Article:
First Settlement - The Pecks & The Cabin
Lot 6, Block 107 (about 128 S. Butler) 1837 - 1857
Peck Cabin & Peck Cabin Marker
First Madison Building
Later to Robert L. Ream who renamed it "Madison House"
Builders: Abraham Wood, Joe Pellkie, and Mr. Lavec
“Peck Cabin” becomes a lodging house, eatery, post office and Madison's first Non Native
When completed, it was a complex of 4 connected cabins with enough space within them to house at least 50 patrons.
T–shape group of buildings – Each cabin approximately 18 x 24 feet and 1 ˝ stories high.
Old and crumbling it was raised before it fell 1857.
The Peck Family
Born February 24, 1808
Died October 20, 1899
Died Febuary 29, 1916
Victoria Wisconsiana Peck Hawley
First white child born in Madison
Born September 14, 1837
Dec. 9,1836; Belmont legislative session adjourned. Several men who had attended stopped at a Blue Mounds tavern stand run by Ebenezer and Roseline Peck. They were told that Madison was selected as the territorial capital. Upon this news, on Dec. 26th, the Pecks purchased 2 lots at $100/each to build their log cabin.
March (April 15, 1837??) 1837; Pecks arrive to see 2 cabin structures adjacent to one another with no flooring.
The family has a small boy and Roseline is several months pregnant.
June 1838; Pecks sold their “tavern stand”
1840; Moved to Baraboo
Eben left Roseline in 1844
They were, “a slave to everyone,” as Roseline later put it, for only one year – it was a huge undertaking to run the cabin.
"I shall be glad when it is all over and I am gone, too," burst out Wisconsiana Hawley to a reporter in 1917. She had been the first settlers' child born in Madison, and she was tired of hearing about it. "The papers have had a lot of stuff about us, but all the reporters know is what they are told by those who know nothing."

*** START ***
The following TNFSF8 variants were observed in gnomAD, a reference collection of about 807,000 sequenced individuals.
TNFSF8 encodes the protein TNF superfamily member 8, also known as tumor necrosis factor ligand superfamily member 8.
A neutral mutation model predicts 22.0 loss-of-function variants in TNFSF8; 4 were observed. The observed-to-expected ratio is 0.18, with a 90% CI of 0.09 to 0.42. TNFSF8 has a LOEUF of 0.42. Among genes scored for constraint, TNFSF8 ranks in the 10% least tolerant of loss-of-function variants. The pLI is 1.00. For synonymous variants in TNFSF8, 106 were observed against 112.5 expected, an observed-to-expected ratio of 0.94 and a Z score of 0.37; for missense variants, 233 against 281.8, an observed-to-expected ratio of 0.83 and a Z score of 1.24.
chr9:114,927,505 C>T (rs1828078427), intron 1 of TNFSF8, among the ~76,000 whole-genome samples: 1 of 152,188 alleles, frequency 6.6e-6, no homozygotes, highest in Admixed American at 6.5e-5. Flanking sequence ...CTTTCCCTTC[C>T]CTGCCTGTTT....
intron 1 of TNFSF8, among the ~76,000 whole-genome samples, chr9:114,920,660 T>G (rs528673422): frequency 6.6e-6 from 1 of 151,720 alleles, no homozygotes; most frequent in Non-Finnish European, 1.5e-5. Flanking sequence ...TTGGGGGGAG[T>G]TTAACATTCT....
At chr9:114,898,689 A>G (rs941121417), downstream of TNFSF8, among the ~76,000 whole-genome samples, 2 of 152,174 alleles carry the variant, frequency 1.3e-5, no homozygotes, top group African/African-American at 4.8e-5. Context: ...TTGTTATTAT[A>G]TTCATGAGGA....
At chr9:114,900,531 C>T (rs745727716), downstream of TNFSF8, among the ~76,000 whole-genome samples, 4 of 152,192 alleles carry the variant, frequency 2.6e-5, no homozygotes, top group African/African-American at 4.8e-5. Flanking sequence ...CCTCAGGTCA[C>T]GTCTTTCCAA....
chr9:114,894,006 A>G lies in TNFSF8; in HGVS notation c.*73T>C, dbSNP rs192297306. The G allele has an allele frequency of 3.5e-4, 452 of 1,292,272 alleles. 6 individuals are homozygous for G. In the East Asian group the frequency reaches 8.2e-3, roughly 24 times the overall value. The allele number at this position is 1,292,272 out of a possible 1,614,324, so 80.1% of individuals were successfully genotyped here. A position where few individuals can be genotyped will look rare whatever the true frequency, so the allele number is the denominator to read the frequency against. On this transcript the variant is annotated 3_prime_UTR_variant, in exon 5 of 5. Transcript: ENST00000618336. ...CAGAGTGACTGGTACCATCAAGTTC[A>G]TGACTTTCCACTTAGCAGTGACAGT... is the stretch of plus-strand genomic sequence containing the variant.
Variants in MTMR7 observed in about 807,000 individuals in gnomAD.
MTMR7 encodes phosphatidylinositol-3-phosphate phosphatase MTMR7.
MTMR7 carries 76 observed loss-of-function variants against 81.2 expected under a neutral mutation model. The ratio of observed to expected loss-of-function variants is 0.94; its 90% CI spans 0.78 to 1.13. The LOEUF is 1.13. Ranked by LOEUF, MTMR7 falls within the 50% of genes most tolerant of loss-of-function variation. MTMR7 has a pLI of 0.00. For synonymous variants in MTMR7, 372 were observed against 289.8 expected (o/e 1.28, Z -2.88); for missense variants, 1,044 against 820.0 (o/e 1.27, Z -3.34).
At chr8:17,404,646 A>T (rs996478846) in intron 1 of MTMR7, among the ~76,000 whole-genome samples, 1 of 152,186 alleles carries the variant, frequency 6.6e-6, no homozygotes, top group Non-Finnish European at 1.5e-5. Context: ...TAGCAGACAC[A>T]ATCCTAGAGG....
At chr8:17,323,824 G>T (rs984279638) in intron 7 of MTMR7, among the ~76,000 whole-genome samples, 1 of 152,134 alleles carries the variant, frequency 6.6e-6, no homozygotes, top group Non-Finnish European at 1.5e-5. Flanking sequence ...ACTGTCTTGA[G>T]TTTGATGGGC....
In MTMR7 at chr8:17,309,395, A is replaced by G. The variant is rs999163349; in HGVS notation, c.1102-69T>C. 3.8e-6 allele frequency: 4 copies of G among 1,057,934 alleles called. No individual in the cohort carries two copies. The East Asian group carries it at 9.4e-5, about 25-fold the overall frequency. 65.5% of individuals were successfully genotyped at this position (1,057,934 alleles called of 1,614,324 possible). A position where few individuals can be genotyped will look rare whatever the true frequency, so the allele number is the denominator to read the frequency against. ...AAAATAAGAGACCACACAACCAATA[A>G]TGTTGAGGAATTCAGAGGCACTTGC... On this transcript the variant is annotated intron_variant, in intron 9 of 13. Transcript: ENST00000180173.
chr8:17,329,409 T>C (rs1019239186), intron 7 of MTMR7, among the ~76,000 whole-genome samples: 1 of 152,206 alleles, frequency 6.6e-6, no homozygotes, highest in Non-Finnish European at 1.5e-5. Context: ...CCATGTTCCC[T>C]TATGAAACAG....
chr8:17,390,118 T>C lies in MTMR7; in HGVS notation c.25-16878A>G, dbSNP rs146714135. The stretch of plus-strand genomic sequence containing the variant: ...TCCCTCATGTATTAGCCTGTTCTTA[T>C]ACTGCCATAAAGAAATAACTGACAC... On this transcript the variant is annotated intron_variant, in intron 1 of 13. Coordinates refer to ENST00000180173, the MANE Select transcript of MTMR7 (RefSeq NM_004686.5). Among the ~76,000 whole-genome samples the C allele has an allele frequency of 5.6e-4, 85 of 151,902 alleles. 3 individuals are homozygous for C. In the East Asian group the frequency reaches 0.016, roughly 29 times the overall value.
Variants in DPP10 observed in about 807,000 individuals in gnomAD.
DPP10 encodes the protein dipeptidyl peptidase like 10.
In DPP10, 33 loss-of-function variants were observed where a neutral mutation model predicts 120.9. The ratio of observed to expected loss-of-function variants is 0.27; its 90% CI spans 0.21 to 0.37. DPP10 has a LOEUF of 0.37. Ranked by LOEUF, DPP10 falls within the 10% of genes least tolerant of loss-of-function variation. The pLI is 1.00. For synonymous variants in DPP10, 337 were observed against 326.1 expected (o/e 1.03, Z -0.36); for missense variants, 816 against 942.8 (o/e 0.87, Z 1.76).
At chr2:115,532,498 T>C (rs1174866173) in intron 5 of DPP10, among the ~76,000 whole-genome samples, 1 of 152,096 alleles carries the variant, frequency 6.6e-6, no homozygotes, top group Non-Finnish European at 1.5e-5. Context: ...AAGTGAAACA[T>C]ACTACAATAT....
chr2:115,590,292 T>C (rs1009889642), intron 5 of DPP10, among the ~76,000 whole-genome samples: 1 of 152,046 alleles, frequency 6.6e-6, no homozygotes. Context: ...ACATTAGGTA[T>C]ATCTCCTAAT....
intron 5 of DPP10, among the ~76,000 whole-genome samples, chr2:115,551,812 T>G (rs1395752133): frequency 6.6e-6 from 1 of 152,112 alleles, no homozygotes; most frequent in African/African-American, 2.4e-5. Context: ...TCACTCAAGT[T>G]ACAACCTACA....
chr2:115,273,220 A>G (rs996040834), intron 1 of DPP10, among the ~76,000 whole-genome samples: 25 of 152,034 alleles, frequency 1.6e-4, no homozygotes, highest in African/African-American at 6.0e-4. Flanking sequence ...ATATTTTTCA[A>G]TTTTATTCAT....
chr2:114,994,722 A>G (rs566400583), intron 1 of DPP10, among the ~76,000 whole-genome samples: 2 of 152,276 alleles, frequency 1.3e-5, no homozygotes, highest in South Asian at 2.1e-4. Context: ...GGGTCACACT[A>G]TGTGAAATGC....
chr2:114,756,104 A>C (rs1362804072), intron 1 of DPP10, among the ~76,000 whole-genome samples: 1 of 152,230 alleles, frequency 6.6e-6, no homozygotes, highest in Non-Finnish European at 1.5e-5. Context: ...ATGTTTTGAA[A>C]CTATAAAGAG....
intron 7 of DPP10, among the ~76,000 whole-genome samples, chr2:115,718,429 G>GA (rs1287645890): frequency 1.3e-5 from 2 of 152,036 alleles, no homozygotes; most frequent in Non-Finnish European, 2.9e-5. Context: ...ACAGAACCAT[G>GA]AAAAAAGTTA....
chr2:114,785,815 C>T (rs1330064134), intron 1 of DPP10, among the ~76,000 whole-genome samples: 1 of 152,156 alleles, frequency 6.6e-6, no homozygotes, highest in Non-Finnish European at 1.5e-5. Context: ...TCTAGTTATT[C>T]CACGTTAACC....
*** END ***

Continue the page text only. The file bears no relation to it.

Her mother, Roseline Peck, arrived in Madison during a spring snowstorm in 1837, five months pregnant. She helped erect a primitive boarding house, lodged and fed dozens of workers who came that summer to start building the Capitol, and on September 14 gave birth to a daughter, the first non-Indian child born in Madison. "When she was less than a week old," Mrs. Peck later recalled, "Judge Doty, one of the commissioners for the erection of the capitol and treasurer of the board, arrived from Green Bay with a large sum of specie, guarded by Capt. John Symington and a squad of soldiers from the garrison at Fort Howard, accompanied by Charles C. Sholes, an early editor and legislator of Wisconsin. They put up at our house. Doty ordered a table spread with wine and he and his party standing around it as solemn as a funeral — prophetic shadows go before — sipped their wine and named the young babe, Wisconsiana. Simeon Mills said as my boy's name was Victor, his sister's name should be Victoria — in honor of the young queen who had but a few weeks before ascended the English throne; so that name was added, making her full name Wisconsiana Victoria Peck."
Only three years later, the Peck family sold their lodging house in Madison to become the first settlers in another primitive outpost, Baraboo. A few years later Mrs. Peck's husband abandoned the family to move out West, leaving Roseline and the children to what she called "a full share of life's troubles and disappointments and ... but few of its favors."
They remained in Baraboo, where Roseline Peck died in 1899 and her daugher married a local attorney. In her old age, the baby born in the wilderness of Madison and christend by the state's leading citizens was living with her second husband in a crude shanty outside Baraboo, on the shores of Mirror Lake. Wisconsiana Victoria Peck had become a little old woman of 90 pounds in a ragged house dress. "She reads well without glasses, and eats well," her husband told a reporter, "more than you or I. And sleeps three-quarters of the time." She died in 1922.